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Chymistry in Homberg’s Later Years: Practices, Promises, Poisons, and Prisons

Chymistry in Homberg’s Later Years: Practices, Promises, Poisons, and Prisons

Chapter:
(p.282) 6 Chymistry in Homberg’s Later Years: Practices, Promises, Poisons, and Prisons
Source:
The Transmutations of Chymistry
Author(s):
Lawrence M. Principe
Publisher:
University of Chicago Press
DOI:10.7208/chicago/9780226700816.003.0007

Chapter 6 completes Homberg’s biography and moves outwards from the Palais Royal laboratory to broader horizons. It examines the networks of correspondence, collaboration, and support that connected Homberg and Philippe to wider worlds both geographical and social. These connections involved the dynamics of early modern scientific exchange and the difficulties of transmitting practical chymical know-how. The chapter engages also with chymistry’s “image problem” and ambiguous reputation due both to its artisanal character and its connections to unsavory practitioners and their potentially illegal practices. These practices and people and the fate of chrysopoeia, are explored through the attempts of the French state to seek out potential transmuters, seen both as threats to social and political order and as possible solutions to the kingdom’s dire financial condition. Many such figures ended up under surveillance or in the Bastille, and archival documents recording these events reveal much about the schizophrenic way in which chymistry was viewed. Homberg himself barely escaped imprisonment when he was implicated in palace gossip and intrigue over the royal succession. Although he was spared imprisonment, the affair—directly traceable to the generally poor reputation of chymists and chymistry—tragically ended his ability to continue his chymical research.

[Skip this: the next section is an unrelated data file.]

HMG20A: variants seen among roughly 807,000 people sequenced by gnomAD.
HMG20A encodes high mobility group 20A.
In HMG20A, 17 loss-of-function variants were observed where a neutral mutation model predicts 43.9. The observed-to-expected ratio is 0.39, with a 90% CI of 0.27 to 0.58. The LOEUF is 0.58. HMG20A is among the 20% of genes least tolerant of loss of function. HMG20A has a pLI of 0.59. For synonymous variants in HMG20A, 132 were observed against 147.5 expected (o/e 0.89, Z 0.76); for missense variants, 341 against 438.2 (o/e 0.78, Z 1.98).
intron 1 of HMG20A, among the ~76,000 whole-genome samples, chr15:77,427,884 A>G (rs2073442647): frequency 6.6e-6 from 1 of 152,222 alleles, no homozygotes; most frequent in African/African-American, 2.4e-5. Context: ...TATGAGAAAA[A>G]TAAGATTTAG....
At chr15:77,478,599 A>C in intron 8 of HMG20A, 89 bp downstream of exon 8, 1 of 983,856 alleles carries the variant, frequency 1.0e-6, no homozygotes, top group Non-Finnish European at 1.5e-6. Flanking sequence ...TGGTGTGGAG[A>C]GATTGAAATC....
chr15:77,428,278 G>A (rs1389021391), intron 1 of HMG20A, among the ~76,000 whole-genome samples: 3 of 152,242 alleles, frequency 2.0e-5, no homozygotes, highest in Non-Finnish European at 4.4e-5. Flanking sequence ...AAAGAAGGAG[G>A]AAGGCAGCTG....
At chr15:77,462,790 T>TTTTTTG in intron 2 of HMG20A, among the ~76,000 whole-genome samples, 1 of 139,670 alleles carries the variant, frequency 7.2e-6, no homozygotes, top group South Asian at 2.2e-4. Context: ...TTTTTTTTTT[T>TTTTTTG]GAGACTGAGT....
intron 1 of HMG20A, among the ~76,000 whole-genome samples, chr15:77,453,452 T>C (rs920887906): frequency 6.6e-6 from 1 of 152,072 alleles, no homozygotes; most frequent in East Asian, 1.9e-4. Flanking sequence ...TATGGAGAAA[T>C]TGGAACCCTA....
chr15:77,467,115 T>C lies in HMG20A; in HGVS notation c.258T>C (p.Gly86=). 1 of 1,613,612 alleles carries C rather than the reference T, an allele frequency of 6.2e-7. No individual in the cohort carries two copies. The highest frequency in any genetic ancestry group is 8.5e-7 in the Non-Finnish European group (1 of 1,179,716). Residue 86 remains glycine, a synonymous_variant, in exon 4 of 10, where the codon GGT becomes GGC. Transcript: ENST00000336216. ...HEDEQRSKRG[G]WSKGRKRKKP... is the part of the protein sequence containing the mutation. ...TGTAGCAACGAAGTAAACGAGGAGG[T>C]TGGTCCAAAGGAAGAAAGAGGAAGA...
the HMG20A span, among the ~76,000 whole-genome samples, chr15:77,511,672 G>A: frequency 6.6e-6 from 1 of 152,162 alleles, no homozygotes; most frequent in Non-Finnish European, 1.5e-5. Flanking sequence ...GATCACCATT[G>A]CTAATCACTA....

Keywords:   correspondence networks, chrysopoeia, economics, scientific exchange, Bastille, counterfeiting

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